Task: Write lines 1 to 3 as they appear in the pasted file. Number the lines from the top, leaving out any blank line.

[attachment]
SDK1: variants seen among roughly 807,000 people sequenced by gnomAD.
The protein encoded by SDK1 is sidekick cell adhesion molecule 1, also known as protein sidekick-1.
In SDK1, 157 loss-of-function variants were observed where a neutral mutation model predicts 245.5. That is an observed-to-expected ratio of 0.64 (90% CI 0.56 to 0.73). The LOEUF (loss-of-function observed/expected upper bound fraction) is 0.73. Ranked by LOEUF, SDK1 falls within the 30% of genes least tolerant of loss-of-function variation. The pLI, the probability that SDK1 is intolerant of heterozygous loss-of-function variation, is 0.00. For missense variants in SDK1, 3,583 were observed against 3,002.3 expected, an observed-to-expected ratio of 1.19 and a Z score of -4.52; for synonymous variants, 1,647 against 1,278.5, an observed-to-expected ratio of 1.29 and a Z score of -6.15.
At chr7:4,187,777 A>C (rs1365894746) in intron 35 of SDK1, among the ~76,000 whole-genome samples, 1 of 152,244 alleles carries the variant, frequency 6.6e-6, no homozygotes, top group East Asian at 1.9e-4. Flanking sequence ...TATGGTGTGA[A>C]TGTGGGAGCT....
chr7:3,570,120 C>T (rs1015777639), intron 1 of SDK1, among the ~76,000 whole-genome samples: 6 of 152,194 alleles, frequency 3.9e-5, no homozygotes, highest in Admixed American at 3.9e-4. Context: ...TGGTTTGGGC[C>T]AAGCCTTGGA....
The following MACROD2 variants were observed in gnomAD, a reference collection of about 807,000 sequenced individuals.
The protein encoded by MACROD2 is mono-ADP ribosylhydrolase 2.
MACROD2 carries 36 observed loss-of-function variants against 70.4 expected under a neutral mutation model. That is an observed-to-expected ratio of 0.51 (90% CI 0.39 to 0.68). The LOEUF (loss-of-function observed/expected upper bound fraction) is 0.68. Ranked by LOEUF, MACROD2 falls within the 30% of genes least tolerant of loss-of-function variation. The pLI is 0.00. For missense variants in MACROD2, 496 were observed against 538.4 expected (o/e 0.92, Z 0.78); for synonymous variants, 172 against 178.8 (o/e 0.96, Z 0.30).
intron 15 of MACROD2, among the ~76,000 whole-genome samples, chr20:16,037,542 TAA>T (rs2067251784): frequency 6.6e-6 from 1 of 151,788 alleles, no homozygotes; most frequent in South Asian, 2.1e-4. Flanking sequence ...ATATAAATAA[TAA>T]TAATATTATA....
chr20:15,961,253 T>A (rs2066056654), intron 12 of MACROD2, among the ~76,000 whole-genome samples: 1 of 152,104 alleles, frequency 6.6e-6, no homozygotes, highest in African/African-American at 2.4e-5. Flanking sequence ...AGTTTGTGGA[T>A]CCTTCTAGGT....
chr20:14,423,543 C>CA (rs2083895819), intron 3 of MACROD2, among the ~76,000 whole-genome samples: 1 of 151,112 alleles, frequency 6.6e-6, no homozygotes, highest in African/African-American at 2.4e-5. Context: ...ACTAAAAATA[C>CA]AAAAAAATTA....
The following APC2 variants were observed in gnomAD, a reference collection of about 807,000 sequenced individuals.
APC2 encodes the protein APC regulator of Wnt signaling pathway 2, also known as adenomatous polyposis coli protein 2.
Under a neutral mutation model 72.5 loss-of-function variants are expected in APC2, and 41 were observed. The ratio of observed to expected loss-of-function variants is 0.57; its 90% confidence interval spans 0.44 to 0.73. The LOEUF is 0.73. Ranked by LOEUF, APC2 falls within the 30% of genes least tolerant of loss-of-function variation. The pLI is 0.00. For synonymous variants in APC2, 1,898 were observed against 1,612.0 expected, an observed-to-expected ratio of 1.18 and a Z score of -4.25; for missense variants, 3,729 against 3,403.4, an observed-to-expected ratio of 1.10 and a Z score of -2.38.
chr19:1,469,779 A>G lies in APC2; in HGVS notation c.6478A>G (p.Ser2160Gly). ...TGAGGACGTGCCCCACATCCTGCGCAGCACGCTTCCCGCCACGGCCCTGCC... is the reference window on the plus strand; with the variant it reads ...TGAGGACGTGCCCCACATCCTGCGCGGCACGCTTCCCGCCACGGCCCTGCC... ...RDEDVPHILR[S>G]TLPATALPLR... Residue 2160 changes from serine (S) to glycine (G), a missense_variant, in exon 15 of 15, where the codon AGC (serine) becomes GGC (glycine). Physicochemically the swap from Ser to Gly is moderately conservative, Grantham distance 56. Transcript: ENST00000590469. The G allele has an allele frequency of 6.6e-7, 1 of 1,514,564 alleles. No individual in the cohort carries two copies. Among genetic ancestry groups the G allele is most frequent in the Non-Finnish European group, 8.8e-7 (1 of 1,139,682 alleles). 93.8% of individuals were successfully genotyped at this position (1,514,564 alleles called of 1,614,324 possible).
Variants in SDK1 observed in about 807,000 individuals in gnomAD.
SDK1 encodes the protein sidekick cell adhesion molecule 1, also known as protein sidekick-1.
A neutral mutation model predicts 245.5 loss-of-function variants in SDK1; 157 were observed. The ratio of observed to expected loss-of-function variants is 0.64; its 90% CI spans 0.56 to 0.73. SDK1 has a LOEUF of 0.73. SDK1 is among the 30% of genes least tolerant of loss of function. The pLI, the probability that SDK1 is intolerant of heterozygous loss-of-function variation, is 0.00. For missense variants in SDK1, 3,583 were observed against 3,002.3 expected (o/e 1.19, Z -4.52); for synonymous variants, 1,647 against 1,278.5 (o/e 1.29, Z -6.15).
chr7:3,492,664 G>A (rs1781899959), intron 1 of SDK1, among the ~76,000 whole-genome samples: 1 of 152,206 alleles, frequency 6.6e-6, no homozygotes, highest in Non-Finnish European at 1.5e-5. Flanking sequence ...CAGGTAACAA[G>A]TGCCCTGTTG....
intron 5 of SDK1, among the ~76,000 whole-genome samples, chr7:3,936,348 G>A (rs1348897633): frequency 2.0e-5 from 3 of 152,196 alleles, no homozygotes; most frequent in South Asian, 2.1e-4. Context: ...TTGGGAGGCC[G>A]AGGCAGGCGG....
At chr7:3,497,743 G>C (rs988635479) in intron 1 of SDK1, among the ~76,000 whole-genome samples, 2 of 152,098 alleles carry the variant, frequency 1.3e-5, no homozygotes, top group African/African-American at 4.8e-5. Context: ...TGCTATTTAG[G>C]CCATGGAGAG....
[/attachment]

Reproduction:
SDK1: variants seen among roughly 807,000 people sequenced by gnomAD.
The protein encoded by SDK1 is sidekick cell adhesion molecule 1, also known as protein sidekick-1.
In SDK1, 157 loss-of-function variants were observed where a neutral mutation model predicts 245.5. That is an observed-to-expected ratio of 0.64 (90% CI 0.56 to 0.73). The LOEUF (loss-of-function observed/expected upper bound fraction) is 0.73. Ranked by LOEUF, SDK1 falls within the 30% of genes least tolerant of loss-of-function variation. The pLI, the probability that SDK1 is intolerant of heterozygous loss-of-function variation, is 0.00. For missense variants in SDK1, 3,583 were observed against 3,002.3 expected, an observed-to-expected ratio of 1.19 and a Z score of -4.52; for synonymous variants, 1,647 against 1,278.5, an observed-to-expected ratio of 1.29 and a Z score of -6.15.